Hey, everyone! It's 2009 and I'm feelin' fine. And by "fine," I mean a terrible case of vertigo brought on by blocked Eustachian tubes. I started feeling it Saturday, and took a decongestant, which I thought would relieve it by Sunday morning. No. Then I took two Dramamine to get rid of the dizziness, which did nothing for the dizziness but caused me to take a four-hour nap in the middle of the day. The last time I slept that many hours during an afternoon was when I saw a matinee of Nicholas Nickleby. Settle down, Charles Dickens estate, I never actually saw that show.
OK, on to my first column of the year! Last week, I was rushing to Sirius/XM to do my radio show, when (long story short) I bumped into somebody on the street, damaged their property and gave them some money for it. Now, here's the real story: I was walking down Broadway, near 50th Street when my arm brushed against someone else's arm. He dropped his glasses on the sidewalk and I felt terrible and apologized profusely. Suddenly, he lifted up his glasses and I saw that one of the frames had broken! He now looked at me with an expression not unlike the one Bill Sykes gives Nancy right before he murders her in Act Two of Oliver! I was right on the corner of 49th Street by this point. I thought, "Can I possibly get killed down the block from Spring Awakening? Won't Jonathan Groff save me?" Then I realized that Jonathan had left the cast! Uh-oh. I was on my own. Would the run of that Tony Award-winning hit musical and my life end at the same time? The man I bumped into started muttering that the glasses cost $67 and I quickly said I would give him whatever cash was in my wallet. I handed what I had ($22…we're all struggling on Broadway) and he suddenly turned towards me and gave me a huge hug. "You're a great guy!" he said with a big smile. Then he followed it with, "You see how scared you were of me?" and I thought…hmm…I never said I was scared of him. I suddenly realized that this is an age-old scam that my friend Tim warned me about! It actually happened to Tim in his neighborhood three different times…by the same guy!!!! It's the old "bump into someone on the street, show broken glasses frame and ask for money." Thinking back, I realized that the guy's arm bumped into me, not vice versa. And, P.S., why was he carrying his glasses in his hand and not on his face? And what kind of glasses cost $67? Ones that were bought in '67? Whatever. Maybe he used the $22 to buy a standing room ticket to one of the shows that was about to close so I was inadvertently supporting Broadway.
The next day was New Year's Eve which was spent chez moi. I had some friends come over and play Taboo (not the show) and, of course, watch old Tony Award performances. My friend Anne was there; I've known her since we first went to musical theatre summer camp (Usdan) when I was 14 and she was 13. We then wound up going to the same college (Oberlin) and went into the same profession! And by "same profession," I mean that I pursued theatre and she got a Ph.D. in public health. Regardless of her now lofty academic pedigree, she was an inspiration to me back in the early '80s, when she was the understudy in our camp's production of Babes in Arms. First of all, I think it's hilarious that there were understudies for a production that had three performances. Secondly, she actually went on! It was for a rehearsal because Heidi (the girl playing Susie) missed camp one day and suddenly Anne was thrust into the spotlight. And I do mean spotlight because everyone on the bus home that afternoon talked about how she knew all of her lines, songs and blocking. She was the talk of the 'tweens. I didn't see her go on for that rehearsal because I was not in Babes in Arms. I was in the other show, which was written by the other director. It was called Broadway Rainbow and one day I should do a dramatic reading of that script, if I can lock the theatre doors to prevent the audience from stampeding out. Even at age 14 I knew it was a headache, and because of my lack of boundaries/social skills, I let all the adults on the artistic staff know that I was constantly judging/hating it.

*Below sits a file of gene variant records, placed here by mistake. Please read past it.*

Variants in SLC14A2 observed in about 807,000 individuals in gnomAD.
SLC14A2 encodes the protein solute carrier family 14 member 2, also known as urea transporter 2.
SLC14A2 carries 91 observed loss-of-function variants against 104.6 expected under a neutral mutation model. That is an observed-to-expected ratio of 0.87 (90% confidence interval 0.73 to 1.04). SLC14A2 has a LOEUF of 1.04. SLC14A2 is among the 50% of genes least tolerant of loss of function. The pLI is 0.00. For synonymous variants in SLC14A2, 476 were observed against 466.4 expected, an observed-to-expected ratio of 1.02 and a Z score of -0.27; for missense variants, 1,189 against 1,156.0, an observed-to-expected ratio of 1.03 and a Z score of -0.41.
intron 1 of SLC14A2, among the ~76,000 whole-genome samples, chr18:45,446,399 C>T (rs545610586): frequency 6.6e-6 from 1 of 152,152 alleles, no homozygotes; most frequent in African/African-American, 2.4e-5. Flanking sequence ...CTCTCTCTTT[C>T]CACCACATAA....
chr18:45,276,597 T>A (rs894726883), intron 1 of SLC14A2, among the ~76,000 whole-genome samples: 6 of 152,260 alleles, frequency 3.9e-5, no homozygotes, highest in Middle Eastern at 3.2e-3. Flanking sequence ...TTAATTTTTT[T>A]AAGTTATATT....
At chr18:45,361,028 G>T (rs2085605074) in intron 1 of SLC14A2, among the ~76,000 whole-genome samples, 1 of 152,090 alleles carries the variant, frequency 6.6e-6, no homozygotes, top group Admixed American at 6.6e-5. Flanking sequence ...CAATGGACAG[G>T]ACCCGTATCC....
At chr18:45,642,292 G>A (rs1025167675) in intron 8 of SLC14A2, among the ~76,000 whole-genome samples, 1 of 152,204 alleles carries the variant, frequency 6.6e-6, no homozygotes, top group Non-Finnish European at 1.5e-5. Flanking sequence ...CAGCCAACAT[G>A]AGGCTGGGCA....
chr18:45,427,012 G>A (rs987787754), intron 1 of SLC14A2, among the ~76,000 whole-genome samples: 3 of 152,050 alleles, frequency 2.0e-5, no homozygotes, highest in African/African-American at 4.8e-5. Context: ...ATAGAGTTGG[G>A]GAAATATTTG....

One day, I remarked to the head of the camp that wished I was in Babes in Arms and he glared and said, "If you were in that show, you'd be in the last row of the chorus." What an excellent rapport with children. I guess I learned my lesson: To hate authority figures. Hmph. When will Marvin Hamlisch and Ed Kleban write me my "Nothing"? Paul Castree was also at my place for New Year's Eve and since he's about to do 9 to 5 we asked him to tell us how Dolly Parton really is. Turns out, she's incredibly nice and hung out with the cast all the time. I love hearing stories about big stars being friendly.
I remember when I first subbed for Putting it Together when it starred Julie Andrews and played Off-Broadway. I was subbing the piano part for Joe Thalken and I told Joe that was scared that on my first show I would start playing and Julie Andrews would put her hand over one ear, turn around, and slowly say with a British accent, "Who the hell is playing the piano?" To this day, whenever I run into Joe we always start every conversation with "Who the hell…" What really happened is that I played the whole show and right after the exit music, Julie Andrews' dresser came to where the band was and asked me to come to Julie's dressing room! I went and as I walked in, Julie was sitting and said, "I hope you don't mind that I'm putting on my stockings!" She finished and told me that when she turned around at the end of the show to acknowledge the orchestra (we were onstage), she saw me sitting in Joe's seat and realized that she never met me… so she just wanted to say hello. How nice is that?! I had always heard that she's a very thoughtful and kind woman. Someone told me that Julie had one of those private tours of Disneyland that celebrities can get so they don't spend the whole day signing autographs and, every Christmas since then, she always remembers the woman who led her tour and sends her a present!